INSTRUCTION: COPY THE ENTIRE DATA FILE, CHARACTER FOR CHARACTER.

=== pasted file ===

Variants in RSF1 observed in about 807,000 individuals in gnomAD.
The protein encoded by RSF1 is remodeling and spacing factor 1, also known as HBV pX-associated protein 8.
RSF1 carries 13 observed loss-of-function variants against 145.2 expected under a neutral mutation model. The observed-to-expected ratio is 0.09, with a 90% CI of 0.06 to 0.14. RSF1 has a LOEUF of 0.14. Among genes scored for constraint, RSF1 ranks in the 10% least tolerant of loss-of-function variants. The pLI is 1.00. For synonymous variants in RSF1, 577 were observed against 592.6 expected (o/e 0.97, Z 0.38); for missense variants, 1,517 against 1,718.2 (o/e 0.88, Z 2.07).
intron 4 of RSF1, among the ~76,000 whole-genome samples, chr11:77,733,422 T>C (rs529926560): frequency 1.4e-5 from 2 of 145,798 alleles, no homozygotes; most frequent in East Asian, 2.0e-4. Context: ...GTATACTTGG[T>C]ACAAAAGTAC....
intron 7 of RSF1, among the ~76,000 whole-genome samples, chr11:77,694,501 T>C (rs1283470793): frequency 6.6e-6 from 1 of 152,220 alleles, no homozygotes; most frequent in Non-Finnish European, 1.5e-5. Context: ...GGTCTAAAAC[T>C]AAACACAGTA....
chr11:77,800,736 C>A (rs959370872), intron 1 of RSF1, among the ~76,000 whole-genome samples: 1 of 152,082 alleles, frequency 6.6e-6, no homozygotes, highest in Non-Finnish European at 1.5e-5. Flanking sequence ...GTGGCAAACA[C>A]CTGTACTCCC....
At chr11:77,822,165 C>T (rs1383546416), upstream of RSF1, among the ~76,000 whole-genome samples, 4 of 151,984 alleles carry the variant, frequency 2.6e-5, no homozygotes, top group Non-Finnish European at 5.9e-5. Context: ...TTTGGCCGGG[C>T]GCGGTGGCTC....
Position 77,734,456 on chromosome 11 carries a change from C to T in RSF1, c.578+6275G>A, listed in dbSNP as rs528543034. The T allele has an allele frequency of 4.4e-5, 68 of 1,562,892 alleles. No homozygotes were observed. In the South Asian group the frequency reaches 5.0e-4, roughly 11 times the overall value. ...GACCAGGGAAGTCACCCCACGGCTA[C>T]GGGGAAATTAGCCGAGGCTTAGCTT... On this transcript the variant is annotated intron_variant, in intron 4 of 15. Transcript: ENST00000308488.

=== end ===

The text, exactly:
Variants in RSF1 observed in about 807,000 individuals in gnomAD.
The protein encoded by RSF1 is remodeling and spacing factor 1, also known as HBV pX-associated protein 8.
RSF1 carries 13 observed loss-of-function variants against 145.2 expected under a neutral mutation model. The observed-to-expected ratio is 0.09, with a 90% CI of 0.06 to 0.14. RSF1 has a LOEUF of 0.14. Among genes scored for constraint, RSF1 ranks in the 10% least tolerant of loss-of-function variants. The pLI is 1.00. For synonymous variants in RSF1, 577 were observed against 592.6 expected (o/e 0.97, Z 0.38); for missense variants, 1,517 against 1,718.2 (o/e 0.88, Z 2.07).
intron 4 of RSF1, among the ~76,000 whole-genome samples, chr11:77,733,422 T>C (rs529926560): frequency 1.4e-5 from 2 of 145,798 alleles, no homozygotes; most frequent in East Asian, 2.0e-4. Context: ...GTATACTTGG[T>C]ACAAAAGTAC....
intron 7 of RSF1, among the ~76,000 whole-genome samples, chr11:77,694,501 T>C (rs1283470793): frequency 6.6e-6 from 1 of 152,220 alleles, no homozygotes; most frequent in Non-Finnish European, 1.5e-5. Context: ...GGTCTAAAAC[T>C]AAACACAGTA....
chr11:77,800,736 C>A (rs959370872), intron 1 of RSF1, among the ~76,000 whole-genome samples: 1 of 152,082 alleles, frequency 6.6e-6, no homozygotes, highest in Non-Finnish European at 1.5e-5. Flanking sequence ...GTGGCAAACA[C>A]CTGTACTCCC....
At chr11:77,822,165 C>T (rs1383546416), upstream of RSF1, among the ~76,000 whole-genome samples, 4 of 151,984 alleles carry the variant, frequency 2.6e-5, no homozygotes, top group Non-Finnish European at 5.9e-5. Context: ...TTTGGCCGGG[C>T]GCGGTGGCTC....
Position 77,734,456 on chromosome 11 carries a change from C to T in RSF1, c.578+6275G>A, listed in dbSNP as rs528543034. The T allele has an allele frequency of 4.4e-5, 68 of 1,562,892 alleles. No homozygotes were observed. In the South Asian group the frequency reaches 5.0e-4, roughly 11 times the overall value. ...GACCAGGGAAGTCACCCCACGGCTA[C>T]GGGGAAATTAGCCGAGGCTTAGCTT... On this transcript the variant is annotated intron_variant, in intron 4 of 15. Transcript: ENST00000308488.